During the phone conversation with Johnson, Xi reiterated support for global multilateralism, noting that countries have to promote cooperation within the UN and G20 frameworks, support the World Health Organisation in playing the role it should, improve global health management, strengthen coordination of macroeconomic policies, and ensure an open, stable, and secure global supply chain.
Prof Li said China’s emphasis on multilateralism in recent years is not in line with the Trump administration and has won international support, including from Europe, which is a useful diplomatic tool for China. He predicts that China will use this outbreak to significantly enhance its role in the multilateral framework in the area of global health management. However, it will not take the place of the US, because the US still has the edge over China in terms of technology and political influence in the international community.
Taiwan has been drawn into the tussle between Beijing and Washington, with US Department of State spokesperson Morgan Ortagus and Chinese foreign ministry spokesperson Hua Chunying exchanging tweets since 19 March. Ortagus has said China covered up the Covid-19 outbreak and withheld information, while Hua has refuted the claims.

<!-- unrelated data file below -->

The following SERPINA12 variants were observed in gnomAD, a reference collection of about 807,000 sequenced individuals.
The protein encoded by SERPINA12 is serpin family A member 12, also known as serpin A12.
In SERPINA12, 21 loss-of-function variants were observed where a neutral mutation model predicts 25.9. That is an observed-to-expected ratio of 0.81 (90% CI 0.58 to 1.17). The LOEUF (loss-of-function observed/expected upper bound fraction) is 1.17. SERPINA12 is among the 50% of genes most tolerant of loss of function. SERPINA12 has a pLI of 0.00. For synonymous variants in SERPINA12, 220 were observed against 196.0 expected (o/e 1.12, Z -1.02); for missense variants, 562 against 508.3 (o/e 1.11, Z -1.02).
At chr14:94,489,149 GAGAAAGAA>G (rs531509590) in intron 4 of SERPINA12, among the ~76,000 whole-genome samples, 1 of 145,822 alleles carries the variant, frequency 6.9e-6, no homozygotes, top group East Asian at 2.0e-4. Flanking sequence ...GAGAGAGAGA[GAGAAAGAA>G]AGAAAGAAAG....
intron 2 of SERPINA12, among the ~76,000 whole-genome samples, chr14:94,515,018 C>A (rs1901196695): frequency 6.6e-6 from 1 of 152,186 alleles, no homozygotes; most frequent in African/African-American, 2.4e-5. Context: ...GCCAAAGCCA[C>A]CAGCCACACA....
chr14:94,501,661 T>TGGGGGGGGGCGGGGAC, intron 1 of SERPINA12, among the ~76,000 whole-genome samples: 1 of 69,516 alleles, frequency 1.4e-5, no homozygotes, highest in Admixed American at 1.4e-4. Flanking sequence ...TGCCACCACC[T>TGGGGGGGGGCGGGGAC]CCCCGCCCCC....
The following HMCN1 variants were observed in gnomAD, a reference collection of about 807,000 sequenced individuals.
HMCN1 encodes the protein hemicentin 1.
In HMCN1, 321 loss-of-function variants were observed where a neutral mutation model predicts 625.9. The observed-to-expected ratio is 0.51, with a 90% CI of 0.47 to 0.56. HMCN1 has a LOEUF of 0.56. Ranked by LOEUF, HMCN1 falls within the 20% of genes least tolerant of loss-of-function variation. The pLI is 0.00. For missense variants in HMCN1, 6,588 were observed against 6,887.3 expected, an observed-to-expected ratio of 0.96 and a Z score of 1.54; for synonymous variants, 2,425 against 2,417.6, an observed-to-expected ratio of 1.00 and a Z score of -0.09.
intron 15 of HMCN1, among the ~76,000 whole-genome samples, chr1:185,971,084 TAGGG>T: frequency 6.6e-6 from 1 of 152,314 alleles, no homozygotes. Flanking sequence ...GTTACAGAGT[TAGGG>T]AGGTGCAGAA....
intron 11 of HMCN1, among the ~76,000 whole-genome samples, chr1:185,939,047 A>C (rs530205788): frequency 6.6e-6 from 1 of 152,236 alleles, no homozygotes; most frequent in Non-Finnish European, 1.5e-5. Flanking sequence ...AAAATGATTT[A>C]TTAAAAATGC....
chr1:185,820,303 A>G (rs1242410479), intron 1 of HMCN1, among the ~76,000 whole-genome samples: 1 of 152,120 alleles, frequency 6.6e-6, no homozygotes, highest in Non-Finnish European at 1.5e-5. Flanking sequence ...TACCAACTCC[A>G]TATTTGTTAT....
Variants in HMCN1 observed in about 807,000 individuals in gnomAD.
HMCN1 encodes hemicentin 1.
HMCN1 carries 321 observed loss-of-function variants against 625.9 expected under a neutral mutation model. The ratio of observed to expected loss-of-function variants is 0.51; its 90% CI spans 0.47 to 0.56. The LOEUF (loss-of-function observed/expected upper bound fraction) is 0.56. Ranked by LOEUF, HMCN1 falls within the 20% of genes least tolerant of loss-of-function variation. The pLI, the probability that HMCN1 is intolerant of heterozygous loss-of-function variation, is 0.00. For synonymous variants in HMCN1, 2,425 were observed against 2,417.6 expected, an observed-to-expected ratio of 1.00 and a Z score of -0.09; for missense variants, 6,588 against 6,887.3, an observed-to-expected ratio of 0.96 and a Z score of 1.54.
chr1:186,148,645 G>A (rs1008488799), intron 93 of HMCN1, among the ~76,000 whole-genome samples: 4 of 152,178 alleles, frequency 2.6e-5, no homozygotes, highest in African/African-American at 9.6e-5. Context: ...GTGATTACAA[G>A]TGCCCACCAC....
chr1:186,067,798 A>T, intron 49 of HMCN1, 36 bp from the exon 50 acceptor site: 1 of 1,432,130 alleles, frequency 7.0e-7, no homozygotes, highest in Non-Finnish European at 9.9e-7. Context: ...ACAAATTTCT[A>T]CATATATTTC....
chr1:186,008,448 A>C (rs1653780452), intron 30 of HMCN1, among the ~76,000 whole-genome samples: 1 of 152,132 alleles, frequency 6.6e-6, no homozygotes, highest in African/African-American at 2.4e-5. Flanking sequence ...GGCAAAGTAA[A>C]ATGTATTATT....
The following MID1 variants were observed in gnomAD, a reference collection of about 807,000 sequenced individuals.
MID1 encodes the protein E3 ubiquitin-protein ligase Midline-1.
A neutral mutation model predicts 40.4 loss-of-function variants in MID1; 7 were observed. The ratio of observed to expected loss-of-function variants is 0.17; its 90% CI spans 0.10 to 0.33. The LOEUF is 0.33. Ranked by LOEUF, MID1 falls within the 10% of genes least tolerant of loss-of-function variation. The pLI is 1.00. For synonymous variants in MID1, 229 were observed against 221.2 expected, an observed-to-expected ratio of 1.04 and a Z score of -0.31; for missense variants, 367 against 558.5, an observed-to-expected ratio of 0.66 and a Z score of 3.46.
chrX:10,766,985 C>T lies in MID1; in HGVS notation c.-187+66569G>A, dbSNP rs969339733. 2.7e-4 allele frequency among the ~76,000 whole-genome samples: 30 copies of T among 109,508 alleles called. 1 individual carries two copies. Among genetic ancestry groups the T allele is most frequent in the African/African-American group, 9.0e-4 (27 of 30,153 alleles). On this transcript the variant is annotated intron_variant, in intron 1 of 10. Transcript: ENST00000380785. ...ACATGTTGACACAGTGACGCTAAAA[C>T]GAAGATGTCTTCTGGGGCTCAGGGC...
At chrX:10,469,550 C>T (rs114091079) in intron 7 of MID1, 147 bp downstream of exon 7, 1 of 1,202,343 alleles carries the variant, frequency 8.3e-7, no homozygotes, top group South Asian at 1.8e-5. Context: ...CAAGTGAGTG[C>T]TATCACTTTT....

On 24 March, Ortega tweeted: “Dec. 31 -- that's the same day Taiwan first tried to warn WHO of human-human transmission. Chinese authorities meanwhile silenced doctors and refused to admit human-human transmission until Jan. 20, with catastrophic consequences.”
As of the time of publication, Hua has yet to respond to this tweet.
On 10 March, Taiwan’s vice-president Chen Chien-jen delivered similar talking points in his interviews with Taiwan media. Chen has also been cited by the Financial Times saying that the WHO ignored alerts from Taiwan.
Taiwan premier Su Tseng-chang yesterday also quickly followed the US line in criticising Beijing for covering up the outbreak and implicating the whole world. Taiwan's The Liberty Times quoted him as saying that if mainland China had not covered up the outbreak, the world would have had earlier warning and the outbreak would not have been so bad.